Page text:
Thursday, January 31, 2008
So on Shabbat afternoon, I walked up the stone stairway with my friend Esther and waved to Shifra. Shifra lived not in a stone building like ours but in a small wooden house. The house was full of red-headed children, one of them a tall girl who ran breathlessly to meet us.
Now we were walking across a field dotted with wild red poppies. It was hot afternoon, the springtime sun beating down on us. We wore long sleeved cotton blouses and long blue skirts. We also wore pantyhose, covering our legs. But as we climbed up a rocky ledge, Esther suddenly turned around. "Hide me," she said. She ducked down and when she stood back up, the stockings were in her hand instead of on her legs. She unceremoniously dumped them in a trash can by a bus stop.
"That feels much better," she said. Shifra and I stared at her bare legs. My legs were itchy from the hose. I should have just worn knee socks, but on Shabbat I always wore hose. I didn't take them off. We were almost there anyway, I reasoned. Shifra was mad at Esther and scolded her in rapid Hebrew that neither of us understood. Americayit, said Shifra. And not in a good way.
I liked Ezra. I liked the songs. I liked the little building where we met. The girls in one room, the boys in another. Later, we were together for Havdalah and then a campfire. Pulling potatoes from the campfire and drinking black coffee. Strange and wonderful to me. Then walking through the streets of Jerusalem, singing our songs. Sometimes we walked to the Kotel for Ma'ariv. I don't remember everything: it was thirty years ago and sometimes seems like a dream.
Sometimes, when I was young, when I was with someone I cared for, I tried to explain what I wanted life to be. How I thought it should have colors like a painting and different textures. How certain moments glow. But I found myself among rationalists. It was a long time before I met a fellow dreamer who knew the importance of a rich and fully realized, deeply felt life.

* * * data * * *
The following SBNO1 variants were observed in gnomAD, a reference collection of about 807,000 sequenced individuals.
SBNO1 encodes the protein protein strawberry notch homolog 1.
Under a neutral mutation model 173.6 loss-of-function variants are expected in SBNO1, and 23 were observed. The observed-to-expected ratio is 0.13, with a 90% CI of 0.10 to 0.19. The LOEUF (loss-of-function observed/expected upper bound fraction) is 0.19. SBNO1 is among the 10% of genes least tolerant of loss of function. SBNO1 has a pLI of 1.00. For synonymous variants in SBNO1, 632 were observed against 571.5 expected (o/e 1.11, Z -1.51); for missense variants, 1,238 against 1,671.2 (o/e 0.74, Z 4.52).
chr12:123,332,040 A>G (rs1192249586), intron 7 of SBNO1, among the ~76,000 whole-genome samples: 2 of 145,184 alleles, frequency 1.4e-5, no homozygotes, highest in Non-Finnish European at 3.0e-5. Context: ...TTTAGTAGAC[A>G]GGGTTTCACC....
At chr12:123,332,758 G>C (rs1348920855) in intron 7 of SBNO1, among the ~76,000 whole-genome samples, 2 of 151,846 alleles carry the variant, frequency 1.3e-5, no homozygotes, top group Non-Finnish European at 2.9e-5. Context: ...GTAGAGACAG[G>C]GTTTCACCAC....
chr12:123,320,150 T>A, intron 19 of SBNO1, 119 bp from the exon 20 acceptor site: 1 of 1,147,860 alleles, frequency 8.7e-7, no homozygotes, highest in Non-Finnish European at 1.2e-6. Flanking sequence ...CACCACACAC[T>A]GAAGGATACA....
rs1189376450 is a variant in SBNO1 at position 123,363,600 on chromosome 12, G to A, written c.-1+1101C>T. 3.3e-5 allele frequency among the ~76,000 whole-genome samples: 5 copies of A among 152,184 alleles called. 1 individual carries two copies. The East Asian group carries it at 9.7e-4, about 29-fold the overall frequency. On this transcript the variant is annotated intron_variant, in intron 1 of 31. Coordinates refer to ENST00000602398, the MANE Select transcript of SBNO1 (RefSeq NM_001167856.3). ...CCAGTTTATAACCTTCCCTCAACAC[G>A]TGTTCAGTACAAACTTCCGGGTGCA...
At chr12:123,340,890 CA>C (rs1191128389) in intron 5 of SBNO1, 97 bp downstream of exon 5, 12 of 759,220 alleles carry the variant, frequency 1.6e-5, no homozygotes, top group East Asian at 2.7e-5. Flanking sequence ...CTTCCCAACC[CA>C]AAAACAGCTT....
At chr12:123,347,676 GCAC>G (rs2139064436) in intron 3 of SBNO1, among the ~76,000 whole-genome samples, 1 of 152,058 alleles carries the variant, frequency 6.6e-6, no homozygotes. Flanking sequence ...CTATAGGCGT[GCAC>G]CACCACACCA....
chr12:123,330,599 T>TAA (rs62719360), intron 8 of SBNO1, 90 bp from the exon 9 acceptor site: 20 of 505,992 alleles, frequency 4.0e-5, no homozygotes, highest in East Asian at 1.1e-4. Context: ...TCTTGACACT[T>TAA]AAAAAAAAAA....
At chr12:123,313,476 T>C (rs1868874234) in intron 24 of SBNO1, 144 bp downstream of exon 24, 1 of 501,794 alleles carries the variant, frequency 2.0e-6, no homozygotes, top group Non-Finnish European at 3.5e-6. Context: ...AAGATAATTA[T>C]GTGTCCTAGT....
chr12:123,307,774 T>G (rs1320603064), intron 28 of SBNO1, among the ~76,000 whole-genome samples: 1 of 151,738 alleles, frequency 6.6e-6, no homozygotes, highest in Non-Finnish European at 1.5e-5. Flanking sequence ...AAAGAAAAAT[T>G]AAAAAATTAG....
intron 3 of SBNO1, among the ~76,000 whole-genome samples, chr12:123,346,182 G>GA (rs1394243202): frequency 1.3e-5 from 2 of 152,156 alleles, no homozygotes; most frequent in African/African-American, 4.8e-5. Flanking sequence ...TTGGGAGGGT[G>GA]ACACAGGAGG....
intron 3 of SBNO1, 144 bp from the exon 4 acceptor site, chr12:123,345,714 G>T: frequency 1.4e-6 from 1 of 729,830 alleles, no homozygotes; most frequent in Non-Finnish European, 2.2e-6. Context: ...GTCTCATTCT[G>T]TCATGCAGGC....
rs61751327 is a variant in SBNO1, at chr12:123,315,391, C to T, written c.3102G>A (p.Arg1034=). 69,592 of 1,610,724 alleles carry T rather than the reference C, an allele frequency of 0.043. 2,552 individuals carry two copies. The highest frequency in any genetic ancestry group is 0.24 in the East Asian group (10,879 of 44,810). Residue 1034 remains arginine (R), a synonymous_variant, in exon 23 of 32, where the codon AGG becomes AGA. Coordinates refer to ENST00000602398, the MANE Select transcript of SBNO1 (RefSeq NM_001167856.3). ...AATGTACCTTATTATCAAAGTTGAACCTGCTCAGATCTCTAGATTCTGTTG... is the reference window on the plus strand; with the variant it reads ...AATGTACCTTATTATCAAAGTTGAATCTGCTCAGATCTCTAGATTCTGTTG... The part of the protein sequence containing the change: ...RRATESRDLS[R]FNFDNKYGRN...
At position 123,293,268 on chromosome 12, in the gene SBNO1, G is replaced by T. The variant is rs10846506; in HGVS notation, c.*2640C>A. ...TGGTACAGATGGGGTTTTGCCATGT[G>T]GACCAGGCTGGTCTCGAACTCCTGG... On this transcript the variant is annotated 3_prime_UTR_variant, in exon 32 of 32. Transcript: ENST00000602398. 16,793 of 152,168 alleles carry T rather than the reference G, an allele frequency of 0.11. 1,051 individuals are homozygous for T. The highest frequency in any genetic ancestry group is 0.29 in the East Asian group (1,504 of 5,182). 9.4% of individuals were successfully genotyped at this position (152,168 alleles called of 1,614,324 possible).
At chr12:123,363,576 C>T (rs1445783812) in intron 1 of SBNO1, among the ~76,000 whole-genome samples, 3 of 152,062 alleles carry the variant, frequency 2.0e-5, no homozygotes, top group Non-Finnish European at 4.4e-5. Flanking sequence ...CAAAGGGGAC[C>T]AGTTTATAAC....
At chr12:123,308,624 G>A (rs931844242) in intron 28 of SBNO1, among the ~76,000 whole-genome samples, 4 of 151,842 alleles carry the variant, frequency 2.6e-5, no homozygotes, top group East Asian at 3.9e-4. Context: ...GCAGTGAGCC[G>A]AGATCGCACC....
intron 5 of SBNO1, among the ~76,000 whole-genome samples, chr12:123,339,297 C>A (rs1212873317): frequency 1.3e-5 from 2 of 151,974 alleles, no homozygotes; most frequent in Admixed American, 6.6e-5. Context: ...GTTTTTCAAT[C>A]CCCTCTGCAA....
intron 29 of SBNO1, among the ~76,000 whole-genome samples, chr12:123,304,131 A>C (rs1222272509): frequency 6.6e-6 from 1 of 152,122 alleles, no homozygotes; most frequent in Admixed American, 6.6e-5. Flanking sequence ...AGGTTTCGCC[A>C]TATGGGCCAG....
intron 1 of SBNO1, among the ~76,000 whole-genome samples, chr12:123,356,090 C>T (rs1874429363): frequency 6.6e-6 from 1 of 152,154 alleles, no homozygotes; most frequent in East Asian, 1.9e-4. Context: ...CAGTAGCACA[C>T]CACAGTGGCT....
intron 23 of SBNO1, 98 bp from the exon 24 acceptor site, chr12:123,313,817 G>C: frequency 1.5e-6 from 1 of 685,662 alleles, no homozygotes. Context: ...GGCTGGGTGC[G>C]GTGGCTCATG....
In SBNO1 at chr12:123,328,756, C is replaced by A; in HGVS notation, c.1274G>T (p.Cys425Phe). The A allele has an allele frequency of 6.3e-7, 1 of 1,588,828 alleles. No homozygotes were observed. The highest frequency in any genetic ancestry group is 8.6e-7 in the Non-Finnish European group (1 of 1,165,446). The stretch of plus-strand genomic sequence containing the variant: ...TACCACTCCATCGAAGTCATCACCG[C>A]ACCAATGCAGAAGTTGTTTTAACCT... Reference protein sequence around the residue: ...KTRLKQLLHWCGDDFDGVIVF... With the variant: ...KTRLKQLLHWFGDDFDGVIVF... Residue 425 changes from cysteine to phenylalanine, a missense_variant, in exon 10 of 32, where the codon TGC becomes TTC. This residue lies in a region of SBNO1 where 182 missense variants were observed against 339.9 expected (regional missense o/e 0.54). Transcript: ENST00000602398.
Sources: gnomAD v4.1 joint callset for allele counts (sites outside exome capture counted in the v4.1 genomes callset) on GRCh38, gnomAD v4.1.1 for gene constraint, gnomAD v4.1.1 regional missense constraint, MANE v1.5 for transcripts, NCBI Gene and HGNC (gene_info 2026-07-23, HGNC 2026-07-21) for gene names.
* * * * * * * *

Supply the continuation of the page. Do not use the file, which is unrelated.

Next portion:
When I think about being Jewish, I think about all those things. I think also about the past, not my own but that of my parents and grandparents. I think about how each letter in a Torah scroll must be perfect, the lessons of scribes handed down through generations. I remember a Lower East side store where beautiful cloth in every color and pattern filled shelves and covered tables. These were scarves for covering a woman's hair. In another store, in another country, at the corner of Ben Yehuda street and King George, was a store where we bought our thread to crochet kippot. All the colors were there too. And we used the same thread to decorate the blouses we wore in a parade in Jerusalem.
None of these are reasons to be Jewish, but they are the things that transport me. Like walking to the Kotel at sunset, like the sounds of the songs in the old shul, which were nothing near harmonious, but the voices were both old and young and always real.
Saturday, January 26, 2008
Monday, January 21, 2008
Just to kick-start it a little: Here an interesting tid-bit I learned this morning. I was looking up information on Jews from Galitzia (Galitzianers) and in Wikipedia read this:
In 1773, Galicia had about 2.6 million inhabitants in 280 cities and market towns and approx. 5 500 villages...So, several interesting things here:
No country of the Austrian monarchy had such a varied ethnic mix as Galicia: Poles, Ukrainians, Jews, Germans, Armenians, Czechs, Slovaks, Hungarians, Roma, etc.
The Jews of Galicia had immigrated in the Middle Ages from Germany...
Poles were Roman Catholic, the Ruthenians (or Rusyn, now mostly calling themselves Ukrainians) belonged to Byzantine-Slavonic Greek Catholic Church. The Jews represented the third largest religious group, who kept mostly strictly their rabbinical faith.
The average life expectancy was 27 years for men and 28.5 years for women....
1. The Jews were the third largest religious group in the region,
2. The Jews living in Galitzia were mostly religious Jews observing rabbinical Judaism,
3. Life must have been terribly hard, with an average life span of 27-28 years.
Is it significant that the Orthodox Jewish way of life may have taken form at a time when people had a drastically shorter lifespan? If you had only 28 years to live, certainly that would affect your approach to religion, to marriage and family, to education.
That average life span noted in Wikipedia is the average for all people of the region. Did Jews live longer due to better health habits (eating Kosher, washing hands, etc.)? I wonder. There must be some records that still exist. It would be an interesting area for research.
While poking around on the Internet, I found this moving and disturbing, detailed book on Jewish life in Korczyna, Poland. Sigh. These stories all end the same way, and that's the sad thing. But at least we are here today to look back.
P.S. I notice that comments are not working on this blog. I will contact Chaim about that.
P.S.S. With Chaim's approval, I updated this blog to Blogger II. Changed the template but kept the beautiful header. Comments are working now. It's a new year!